The California Independent System Operator (California ISO) released its 2014 summer assessment that shows the ISO system has adequate power supplies for meeting summer peak conditions across the state despite well below average hydroelectric supply.
Southern Orange and San Diego counties will be a focus of summer grid operations in the event that heat waves, unexpected power plant outages or wildfires threaten transmission lines and challenge reliability in the area affected by the closure of the San Onofre Nuclear Generating Station.
Under challenging conditions, ISO operators will count on customers participating in local demand response and conservation programs to reduce their power use when the ISO issues a Flex Alert through the media.
“We know it is an inconvenience, but if the ISO issues a Flex Alert asking for conservation it is because the grid is under a lot of stress and we need to immediately reduce power demand,” said ISO President and CEO Steve Berberich. “Voluntary conservation is better than people losing power when demand outstrips supply.”
While drought conditions will have little impact on supply availability in San Diego and Orange counties, the overall ISO system will have less hydroelectricity than last year. As of April 29, 2014, statewide precipitation was at 56 percent of average. Meanwhile, snowpack water content was at 20 percent of average for the date and reservoir storage was at 63 percent of average for the date.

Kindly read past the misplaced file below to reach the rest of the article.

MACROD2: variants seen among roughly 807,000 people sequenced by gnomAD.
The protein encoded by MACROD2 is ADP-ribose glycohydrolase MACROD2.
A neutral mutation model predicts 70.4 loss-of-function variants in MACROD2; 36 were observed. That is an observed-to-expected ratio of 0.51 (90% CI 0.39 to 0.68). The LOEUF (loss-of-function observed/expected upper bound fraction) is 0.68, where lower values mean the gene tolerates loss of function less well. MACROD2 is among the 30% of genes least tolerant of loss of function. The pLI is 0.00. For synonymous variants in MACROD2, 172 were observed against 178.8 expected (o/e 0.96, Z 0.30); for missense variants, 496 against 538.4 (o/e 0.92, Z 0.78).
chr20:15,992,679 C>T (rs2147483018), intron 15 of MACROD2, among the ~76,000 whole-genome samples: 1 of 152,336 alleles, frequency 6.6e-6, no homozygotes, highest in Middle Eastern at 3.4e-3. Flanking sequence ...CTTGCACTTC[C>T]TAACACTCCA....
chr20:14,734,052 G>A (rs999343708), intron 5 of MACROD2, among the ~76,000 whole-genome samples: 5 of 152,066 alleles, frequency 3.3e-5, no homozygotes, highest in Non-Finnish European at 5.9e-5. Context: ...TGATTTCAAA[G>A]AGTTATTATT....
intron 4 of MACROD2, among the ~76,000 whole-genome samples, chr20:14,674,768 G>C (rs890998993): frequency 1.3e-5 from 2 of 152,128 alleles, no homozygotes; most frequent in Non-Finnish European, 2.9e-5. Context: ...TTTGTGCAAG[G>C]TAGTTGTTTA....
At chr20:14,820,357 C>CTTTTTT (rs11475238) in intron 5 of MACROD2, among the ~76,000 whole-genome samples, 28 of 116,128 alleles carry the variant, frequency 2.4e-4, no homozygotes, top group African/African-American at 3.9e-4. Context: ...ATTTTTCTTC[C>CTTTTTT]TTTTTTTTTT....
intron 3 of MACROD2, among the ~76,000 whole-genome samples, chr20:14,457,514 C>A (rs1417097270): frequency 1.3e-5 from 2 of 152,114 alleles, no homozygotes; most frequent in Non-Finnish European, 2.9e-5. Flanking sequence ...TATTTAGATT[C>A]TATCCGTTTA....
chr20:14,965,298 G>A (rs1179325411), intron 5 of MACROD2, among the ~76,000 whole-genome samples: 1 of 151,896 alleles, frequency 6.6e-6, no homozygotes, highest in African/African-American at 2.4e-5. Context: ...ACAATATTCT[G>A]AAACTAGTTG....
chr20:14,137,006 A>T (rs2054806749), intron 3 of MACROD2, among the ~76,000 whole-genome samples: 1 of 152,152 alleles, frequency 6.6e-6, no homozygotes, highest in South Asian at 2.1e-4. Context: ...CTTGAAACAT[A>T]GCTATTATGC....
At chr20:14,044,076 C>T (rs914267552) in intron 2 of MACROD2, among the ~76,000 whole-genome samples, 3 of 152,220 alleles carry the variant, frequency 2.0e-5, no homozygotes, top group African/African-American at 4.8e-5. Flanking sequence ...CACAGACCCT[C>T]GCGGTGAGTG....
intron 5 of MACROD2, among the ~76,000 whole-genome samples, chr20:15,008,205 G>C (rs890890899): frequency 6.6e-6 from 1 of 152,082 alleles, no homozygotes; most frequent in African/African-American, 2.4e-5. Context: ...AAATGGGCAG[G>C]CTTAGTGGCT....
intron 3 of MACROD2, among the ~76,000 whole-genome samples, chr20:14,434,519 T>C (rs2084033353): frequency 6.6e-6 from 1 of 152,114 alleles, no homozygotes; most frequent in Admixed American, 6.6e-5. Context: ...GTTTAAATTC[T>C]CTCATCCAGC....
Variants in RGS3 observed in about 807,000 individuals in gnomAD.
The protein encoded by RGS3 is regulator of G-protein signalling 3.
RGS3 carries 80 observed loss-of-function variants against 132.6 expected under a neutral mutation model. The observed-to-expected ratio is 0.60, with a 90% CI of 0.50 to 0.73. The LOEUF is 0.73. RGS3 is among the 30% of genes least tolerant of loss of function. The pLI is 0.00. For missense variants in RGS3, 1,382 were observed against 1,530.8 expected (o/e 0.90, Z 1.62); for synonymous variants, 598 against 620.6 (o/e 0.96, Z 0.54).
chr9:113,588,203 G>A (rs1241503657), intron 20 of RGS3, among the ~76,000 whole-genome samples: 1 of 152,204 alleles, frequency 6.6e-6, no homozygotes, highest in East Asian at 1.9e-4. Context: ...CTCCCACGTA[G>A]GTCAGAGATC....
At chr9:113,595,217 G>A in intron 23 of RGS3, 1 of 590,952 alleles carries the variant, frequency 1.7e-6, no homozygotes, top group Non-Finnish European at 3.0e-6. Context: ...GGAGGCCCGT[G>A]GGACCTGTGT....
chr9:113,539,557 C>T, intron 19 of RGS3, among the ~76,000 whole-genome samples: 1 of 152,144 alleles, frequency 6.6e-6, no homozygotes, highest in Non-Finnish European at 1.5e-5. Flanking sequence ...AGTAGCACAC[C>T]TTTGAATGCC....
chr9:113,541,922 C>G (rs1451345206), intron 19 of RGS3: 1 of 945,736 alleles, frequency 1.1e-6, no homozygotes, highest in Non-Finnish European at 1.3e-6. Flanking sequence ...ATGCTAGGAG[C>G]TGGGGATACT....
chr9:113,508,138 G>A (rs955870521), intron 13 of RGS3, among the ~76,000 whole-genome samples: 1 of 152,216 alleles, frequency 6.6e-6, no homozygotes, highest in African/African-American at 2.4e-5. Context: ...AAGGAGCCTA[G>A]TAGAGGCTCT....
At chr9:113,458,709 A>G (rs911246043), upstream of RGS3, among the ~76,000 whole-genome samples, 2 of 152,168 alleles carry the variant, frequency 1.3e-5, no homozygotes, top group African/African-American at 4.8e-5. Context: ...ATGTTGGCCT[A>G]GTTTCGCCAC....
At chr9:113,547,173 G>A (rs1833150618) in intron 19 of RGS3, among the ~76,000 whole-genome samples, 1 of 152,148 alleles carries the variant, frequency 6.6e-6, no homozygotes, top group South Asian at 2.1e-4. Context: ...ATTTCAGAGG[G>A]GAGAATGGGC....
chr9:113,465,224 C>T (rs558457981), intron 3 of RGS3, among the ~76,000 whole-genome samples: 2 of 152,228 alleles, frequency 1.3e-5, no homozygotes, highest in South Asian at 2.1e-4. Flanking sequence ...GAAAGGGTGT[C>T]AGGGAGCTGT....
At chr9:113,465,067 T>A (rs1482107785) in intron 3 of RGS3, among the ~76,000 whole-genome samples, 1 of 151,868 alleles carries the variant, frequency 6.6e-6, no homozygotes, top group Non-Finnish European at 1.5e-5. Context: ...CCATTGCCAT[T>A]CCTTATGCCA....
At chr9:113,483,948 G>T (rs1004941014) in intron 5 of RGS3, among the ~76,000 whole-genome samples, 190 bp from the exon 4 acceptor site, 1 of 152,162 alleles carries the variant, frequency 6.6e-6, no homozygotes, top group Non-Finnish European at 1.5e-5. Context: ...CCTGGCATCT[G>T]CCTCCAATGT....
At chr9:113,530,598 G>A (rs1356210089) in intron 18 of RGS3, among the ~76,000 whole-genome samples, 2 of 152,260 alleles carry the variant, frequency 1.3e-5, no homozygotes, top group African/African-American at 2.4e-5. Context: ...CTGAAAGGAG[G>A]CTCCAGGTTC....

The ISO expects to have 1,370 MW to 1,669 MW less of in-state hydro for summer 2014. Pacific Northwest hydro conditions are about normal and should help make up some for the low California hydro conditions.
Operating reserve margins for the ISO system are good for normal conditions at 24 percent, but it could fall to about 14 percent during extreme conditions, which still remain above the threshold that puts customers at risk of power outages, which is triggered when reserves drop to the 3 percent level.
The system-wide peak electric demand is expected to reach 47,351 MW during summer 2014, which is 646 MW more than 2013 weather normalized peak of 46,705 MW. The all-time record instantaneous peak demand was 50,270 MW in 2006.
Meanwhile, the ISO projects that 53,950 MW of power capacity will be available this summer, which is an increase of about 3,243 MW of new generation since last summer. About 68 percent of the new generation is from renewable resources. Renewables make up about 22 percent of the ISO resource mix, which is an increase of about 4 percent from summer 2013. The ISO set a new instantaneous production record for solar power of 4,475 MW on April 30, 2014. The instantaneous wind record occurred on April 12, 2014 with 4,769 MW generated. As of May 1, the ISO has about 15,126 MW of renewable resource capacity connected to the grid.